"Resourcefulness" is the one-word answer to what a CIO needs to have in 2009.
So says James Knight, global CIO of Warren, N.J.-based insurer Chubb, in a telephone interview conducted while he was attending the Society for Information Management's annual SIMposium meeting in Florida. Learning when to delegate and to be resourceful at all times have been the keys to his rise in the company, and they continue to be key attributes in good times and bad. Knight has more than 28 years of experience in the property and casualty insurance industry.
"The more I was able to reach out across boundaries to get something done, the better I performed," Knight says. In 2009, he sees some opportunities that would not be available if Chubb were facing many of the challenges currently affecting some firms in the financial sector. Because Chubb is prudent in its underwriting, Knight says, it has had no exposure to the subprime mortgage fallout. "From an IT point of view, I see demand ever increasing," he adds.
With technology at the center of everything Chubb does, Knight finds himself looking at "all the moving parts"--all the new technologies and all the demands from the business groups, as well as sorting out the priorities and projects that are most urgently needed and represent the greatest investment payoff.
"For information-based companies, information and the need for analytics around that information are paramount, and everyone recognizes the importance of that," Knight says. Despite that, Chubb does not want to be the first to utilize a new technology. "A comfortable second wouldn't bother us at all," he adds. In 2009, Chubb's technology investments will still require a robust business case in order to proceed.
For CIOs who may not have experienced as many ups and downs in the economic cycle, Knight advises that they build trust within their companies by delivering on what they promise.
He adds that a high degree of transparency of projects is also needed so that executives supporting the project will have a clear understanding of what is to be delivered--and at what cost. Finally, it's crucial for IT executives to speak about the business outcomes of their efforts, rather than simply engaging in technology-laden descriptions.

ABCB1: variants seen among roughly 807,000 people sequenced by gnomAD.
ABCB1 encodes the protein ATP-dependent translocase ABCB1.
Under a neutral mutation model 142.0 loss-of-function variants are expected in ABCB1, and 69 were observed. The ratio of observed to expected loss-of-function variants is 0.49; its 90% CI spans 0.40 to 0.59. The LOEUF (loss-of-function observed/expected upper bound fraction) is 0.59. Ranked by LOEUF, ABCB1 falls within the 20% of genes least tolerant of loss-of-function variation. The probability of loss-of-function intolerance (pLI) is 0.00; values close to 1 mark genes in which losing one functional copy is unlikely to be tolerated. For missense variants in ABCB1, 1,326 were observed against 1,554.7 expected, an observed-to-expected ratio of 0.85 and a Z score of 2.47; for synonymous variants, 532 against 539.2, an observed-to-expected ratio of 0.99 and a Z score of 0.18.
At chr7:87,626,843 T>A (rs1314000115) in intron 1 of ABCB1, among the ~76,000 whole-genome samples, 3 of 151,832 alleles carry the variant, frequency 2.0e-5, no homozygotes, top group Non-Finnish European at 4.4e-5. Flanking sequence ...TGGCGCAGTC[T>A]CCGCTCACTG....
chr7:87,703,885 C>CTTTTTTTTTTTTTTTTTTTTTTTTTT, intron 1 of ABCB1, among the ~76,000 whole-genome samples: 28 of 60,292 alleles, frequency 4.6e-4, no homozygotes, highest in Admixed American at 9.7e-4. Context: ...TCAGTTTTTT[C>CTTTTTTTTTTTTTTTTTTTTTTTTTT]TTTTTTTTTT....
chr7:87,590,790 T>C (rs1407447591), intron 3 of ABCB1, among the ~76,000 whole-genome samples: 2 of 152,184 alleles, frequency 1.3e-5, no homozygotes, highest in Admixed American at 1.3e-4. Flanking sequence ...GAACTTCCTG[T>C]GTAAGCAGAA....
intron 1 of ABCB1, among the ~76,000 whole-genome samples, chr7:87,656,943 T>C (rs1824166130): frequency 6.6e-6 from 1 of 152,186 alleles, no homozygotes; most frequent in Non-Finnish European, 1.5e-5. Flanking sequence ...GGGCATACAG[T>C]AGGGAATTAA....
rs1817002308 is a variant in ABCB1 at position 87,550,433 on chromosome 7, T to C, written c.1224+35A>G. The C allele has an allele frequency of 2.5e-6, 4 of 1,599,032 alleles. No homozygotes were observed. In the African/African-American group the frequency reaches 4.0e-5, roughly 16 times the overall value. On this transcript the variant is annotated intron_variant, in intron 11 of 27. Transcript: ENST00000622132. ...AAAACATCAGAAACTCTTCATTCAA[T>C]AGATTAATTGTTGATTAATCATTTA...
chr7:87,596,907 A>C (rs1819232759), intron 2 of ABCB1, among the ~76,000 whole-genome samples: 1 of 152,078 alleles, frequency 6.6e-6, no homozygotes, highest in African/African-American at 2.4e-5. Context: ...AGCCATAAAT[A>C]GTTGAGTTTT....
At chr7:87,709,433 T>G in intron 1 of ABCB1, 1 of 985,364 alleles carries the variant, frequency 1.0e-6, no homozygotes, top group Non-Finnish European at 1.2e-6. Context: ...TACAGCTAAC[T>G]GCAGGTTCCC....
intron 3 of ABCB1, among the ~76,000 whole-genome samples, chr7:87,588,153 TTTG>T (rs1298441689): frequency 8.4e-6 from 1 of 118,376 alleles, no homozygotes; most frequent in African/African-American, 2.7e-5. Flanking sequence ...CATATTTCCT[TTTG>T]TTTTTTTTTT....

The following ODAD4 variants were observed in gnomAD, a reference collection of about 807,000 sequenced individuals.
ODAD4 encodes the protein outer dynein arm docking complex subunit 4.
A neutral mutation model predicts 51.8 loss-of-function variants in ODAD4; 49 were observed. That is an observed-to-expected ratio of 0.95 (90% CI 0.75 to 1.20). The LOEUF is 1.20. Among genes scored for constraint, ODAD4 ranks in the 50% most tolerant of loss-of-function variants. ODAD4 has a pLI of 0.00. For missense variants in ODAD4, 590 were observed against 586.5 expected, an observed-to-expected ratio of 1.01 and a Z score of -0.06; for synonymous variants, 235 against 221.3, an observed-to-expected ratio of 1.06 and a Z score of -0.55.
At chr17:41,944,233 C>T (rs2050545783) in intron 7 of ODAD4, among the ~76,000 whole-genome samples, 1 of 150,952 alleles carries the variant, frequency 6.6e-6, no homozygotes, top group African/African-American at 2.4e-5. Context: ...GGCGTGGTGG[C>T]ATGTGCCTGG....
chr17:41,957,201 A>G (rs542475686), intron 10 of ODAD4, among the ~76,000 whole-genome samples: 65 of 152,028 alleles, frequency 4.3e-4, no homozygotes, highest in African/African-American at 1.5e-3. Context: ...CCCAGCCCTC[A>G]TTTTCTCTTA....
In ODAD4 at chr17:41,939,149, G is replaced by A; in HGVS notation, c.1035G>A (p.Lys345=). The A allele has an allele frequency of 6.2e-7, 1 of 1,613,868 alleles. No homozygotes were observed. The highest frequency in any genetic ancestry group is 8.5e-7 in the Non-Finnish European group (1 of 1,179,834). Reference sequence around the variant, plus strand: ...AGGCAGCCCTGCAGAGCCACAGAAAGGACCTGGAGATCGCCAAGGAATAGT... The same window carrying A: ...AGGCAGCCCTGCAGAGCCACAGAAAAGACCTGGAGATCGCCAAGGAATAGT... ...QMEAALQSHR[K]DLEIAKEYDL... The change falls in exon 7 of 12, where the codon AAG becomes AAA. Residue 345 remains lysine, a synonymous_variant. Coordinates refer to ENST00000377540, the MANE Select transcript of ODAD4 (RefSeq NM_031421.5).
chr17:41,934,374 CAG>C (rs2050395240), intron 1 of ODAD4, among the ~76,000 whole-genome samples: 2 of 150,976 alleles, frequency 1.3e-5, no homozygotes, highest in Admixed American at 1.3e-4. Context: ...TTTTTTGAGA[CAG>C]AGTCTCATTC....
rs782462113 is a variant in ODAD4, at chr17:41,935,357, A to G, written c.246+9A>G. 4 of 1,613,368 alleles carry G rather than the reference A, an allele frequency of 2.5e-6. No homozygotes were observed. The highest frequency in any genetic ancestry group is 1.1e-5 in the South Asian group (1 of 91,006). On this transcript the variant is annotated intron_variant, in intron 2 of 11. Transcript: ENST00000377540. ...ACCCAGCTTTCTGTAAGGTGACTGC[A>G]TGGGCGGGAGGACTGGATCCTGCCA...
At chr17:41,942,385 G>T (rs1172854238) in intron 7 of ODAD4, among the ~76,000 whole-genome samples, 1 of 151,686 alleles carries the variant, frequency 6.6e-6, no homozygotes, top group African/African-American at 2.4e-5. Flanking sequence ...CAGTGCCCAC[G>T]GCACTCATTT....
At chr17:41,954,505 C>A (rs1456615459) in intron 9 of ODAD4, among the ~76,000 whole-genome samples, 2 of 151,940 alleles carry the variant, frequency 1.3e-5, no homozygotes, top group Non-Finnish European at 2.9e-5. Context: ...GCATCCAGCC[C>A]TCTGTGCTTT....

One of the items that is high on the IT agenda is dealing with information overload. Helping the company find the information it needs, applying business intelligence systems to the information and presenting the information in the format that business managers need are key requirements, and they can be addressed only through a combination of processes and technologies.
"It's all about synthesizing numbers down to the key indicators," Knight says. "That tells you a lot."
Regarding social networks, Knight says their most immediate value may be in finding and highlighting skills within the company. He's considering using something like an "internal Facebook" to identify and highlight the internal wisdom of Chubb's employees.
Regardless of the economy, Knight says qualities such as resourcefulness; the ability to understand "the business first and IT second"; and the talent and skill necessary to take an idea, build a project structure around it and then deliver on that project will continue to be differentiators for CIOs and their companies.
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